Jackson played the movie’s character, Carl Lee Hailey, a protective father of a 10-year-old girl who had been raped
By Brie Stimson
Samuel L. Jackson this week claimed that scenes edited out of his 1996 drama “A Time to Kill” kept him from getting an Academy Award.
“In ‘A Time to Kill,’ when I kill those guys, I kill them because my daughter needs to know that those guys are not on the planet anymore, and they will never hurt her again — that I will do anything to protect her,” the 74-year-old actor told Vulture in an interview published Thursday about his character, Carl Lee Hailey, who was put on trial in the movie for killing two racist men who raped his 10-year-old daughter.
He added, “That’s how I played that character throughout. And there were specific things we shot, things I did to make sure that she understood that, but in the editing process, they got taken out. And it looked like I killed those dudes and then planned every move to make sure that I was going to get away with it. When I saw it, I was sitting there like, ‘What the f—?’
Jackson had been asked about movies he’d been in that didn’t turn out the way he’d imagined.
“But also the things they took out kept me from getting an Oscar,” he said. “’Really, motherf—–? You just took that s— from me?’”
The “Secret Invasion” actor said on his first day working on the movie he did a speech with another actor that left the entire room in tears.
“I was like, ‘Okay. I’m on the right page.’ That s— is not in the movie! And I know why it’s not. Because it wasn’t my movie, and they weren’t trying to make me a star. That was one of the first times that I saw that s— happen.”
He said he’s also had moments in other movies where he wondered why scenes were edited out “because the moment, in that movie, it’s bigger than the movie.”
Jackson has never won an Oscar for a film and has only been nominated once — for 1994’s “Pulp Fiction.” He did receive an honorary Academy Award in 2021 for his work.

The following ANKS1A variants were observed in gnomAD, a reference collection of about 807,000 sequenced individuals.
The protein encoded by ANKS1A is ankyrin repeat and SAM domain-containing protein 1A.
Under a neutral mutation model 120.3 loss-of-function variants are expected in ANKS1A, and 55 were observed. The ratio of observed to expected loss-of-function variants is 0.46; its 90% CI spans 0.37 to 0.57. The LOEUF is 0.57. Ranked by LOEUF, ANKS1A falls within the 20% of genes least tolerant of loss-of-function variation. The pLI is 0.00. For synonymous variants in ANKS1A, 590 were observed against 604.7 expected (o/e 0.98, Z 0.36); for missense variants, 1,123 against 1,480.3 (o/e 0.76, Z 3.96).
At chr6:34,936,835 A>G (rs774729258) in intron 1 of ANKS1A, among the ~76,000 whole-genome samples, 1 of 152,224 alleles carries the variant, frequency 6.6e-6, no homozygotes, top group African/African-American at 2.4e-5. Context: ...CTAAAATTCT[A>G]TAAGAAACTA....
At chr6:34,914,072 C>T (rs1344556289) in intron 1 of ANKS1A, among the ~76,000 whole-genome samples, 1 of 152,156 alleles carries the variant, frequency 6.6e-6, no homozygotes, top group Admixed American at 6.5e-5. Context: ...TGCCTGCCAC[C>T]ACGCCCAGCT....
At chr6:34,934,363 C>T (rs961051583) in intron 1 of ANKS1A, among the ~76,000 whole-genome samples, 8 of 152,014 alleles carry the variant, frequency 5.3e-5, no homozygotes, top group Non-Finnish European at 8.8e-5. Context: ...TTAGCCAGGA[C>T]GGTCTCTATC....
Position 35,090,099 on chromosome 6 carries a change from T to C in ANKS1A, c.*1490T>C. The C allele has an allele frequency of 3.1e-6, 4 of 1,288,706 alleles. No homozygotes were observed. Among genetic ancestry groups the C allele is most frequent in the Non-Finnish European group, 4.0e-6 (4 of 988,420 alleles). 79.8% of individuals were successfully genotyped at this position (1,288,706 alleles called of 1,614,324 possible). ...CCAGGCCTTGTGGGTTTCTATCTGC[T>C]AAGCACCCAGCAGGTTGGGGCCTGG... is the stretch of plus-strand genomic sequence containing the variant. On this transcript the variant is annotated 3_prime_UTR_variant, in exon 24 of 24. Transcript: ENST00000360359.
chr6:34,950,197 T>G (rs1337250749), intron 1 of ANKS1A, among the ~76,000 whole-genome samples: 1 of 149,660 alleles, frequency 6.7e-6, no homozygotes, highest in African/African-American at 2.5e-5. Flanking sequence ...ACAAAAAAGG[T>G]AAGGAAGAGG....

When asked about the honorary Academy Award he said it, “didn’t feel honorary, just felt like I was getting an Oscar. I earned it. I worked for it. I can possibly name four other instances where I could have won or should have won or should have been nominated, but I’m fine with it. It’s mine. I got it. My name’s on it.”
Elsewhere in the wide-ranging interview, Jackson talked about falling out with director Spike Lee over 1992’s “Malcolm X” and eventually working with him again.
“I actually read with most of the people who auditioned for ‘Malcolm X,’” he said. “I was supposed to be the guy that turned Malcolm X on to Islam in prison. I forget who played that role. But it was still down to that Spike Lee scale-plus-10 salary thing. I was like, ‘I’m not going to work for no scale-plus-10.’”
He and Lee had previously worked together on “Jungle Fever,” “School Daze” and “Do the Right Thing.”
He said he eventually took another movie called “White Sands” in 1992, but the pair reunited in 2013 for his movie “Oldboy.” Jackson told Playboy that year it was “just like we’d never stopped.”
Jackson also answered “no comment” when asked if he was going to be in frequent collaborator Quentin Tarantino’s upcoming and rumored last film “The Movie Critic.”